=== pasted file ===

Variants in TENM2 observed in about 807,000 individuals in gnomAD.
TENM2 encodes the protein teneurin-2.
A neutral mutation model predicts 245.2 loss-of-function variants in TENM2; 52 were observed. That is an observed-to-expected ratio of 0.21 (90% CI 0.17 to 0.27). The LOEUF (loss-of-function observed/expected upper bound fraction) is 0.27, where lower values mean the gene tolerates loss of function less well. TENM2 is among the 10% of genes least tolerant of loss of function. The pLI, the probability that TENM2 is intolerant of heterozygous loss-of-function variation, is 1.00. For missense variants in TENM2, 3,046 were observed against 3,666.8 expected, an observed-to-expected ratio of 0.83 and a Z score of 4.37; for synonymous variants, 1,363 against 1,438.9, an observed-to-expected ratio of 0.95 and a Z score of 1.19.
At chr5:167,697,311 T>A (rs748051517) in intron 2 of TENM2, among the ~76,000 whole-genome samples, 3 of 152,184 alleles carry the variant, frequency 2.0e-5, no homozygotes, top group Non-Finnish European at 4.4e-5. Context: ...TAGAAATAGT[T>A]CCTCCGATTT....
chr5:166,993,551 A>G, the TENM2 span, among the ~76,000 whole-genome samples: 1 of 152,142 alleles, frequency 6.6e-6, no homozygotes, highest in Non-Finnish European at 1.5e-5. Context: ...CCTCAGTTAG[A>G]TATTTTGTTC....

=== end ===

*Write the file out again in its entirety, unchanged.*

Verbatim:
Variants in TENM2 observed in about 807,000 individuals in gnomAD.
TENM2 encodes the protein teneurin-2.
A neutral mutation model predicts 245.2 loss-of-function variants in TENM2; 52 were observed. That is an observed-to-expected ratio of 0.21 (90% CI 0.17 to 0.27). The LOEUF (loss-of-function observed/expected upper bound fraction) is 0.27, where lower values mean the gene tolerates loss of function less well. TENM2 is among the 10% of genes least tolerant of loss of function. The pLI, the probability that TENM2 is intolerant of heterozygous loss-of-function variation, is 1.00. For missense variants in TENM2, 3,046 were observed against 3,666.8 expected, an observed-to-expected ratio of 0.83 and a Z score of 4.37; for synonymous variants, 1,363 against 1,438.9, an observed-to-expected ratio of 0.95 and a Z score of 1.19.
At chr5:167,697,311 T>A (rs748051517) in intron 2 of TENM2, among the ~76,000 whole-genome samples, 3 of 152,184 alleles carry the variant, frequency 2.0e-5, no homozygotes, top group Non-Finnish European at 4.4e-5. Context: ...TAGAAATAGT[T>A]CCTCCGATTT....
chr5:166,993,551 A>G, the TENM2 span, among the ~76,000 whole-genome samples: 1 of 152,142 alleles, frequency 6.6e-6, no homozygotes, highest in Non-Finnish European at 1.5e-5. Context: ...CCTCAGTTAG[A>G]TATTTTGTTC....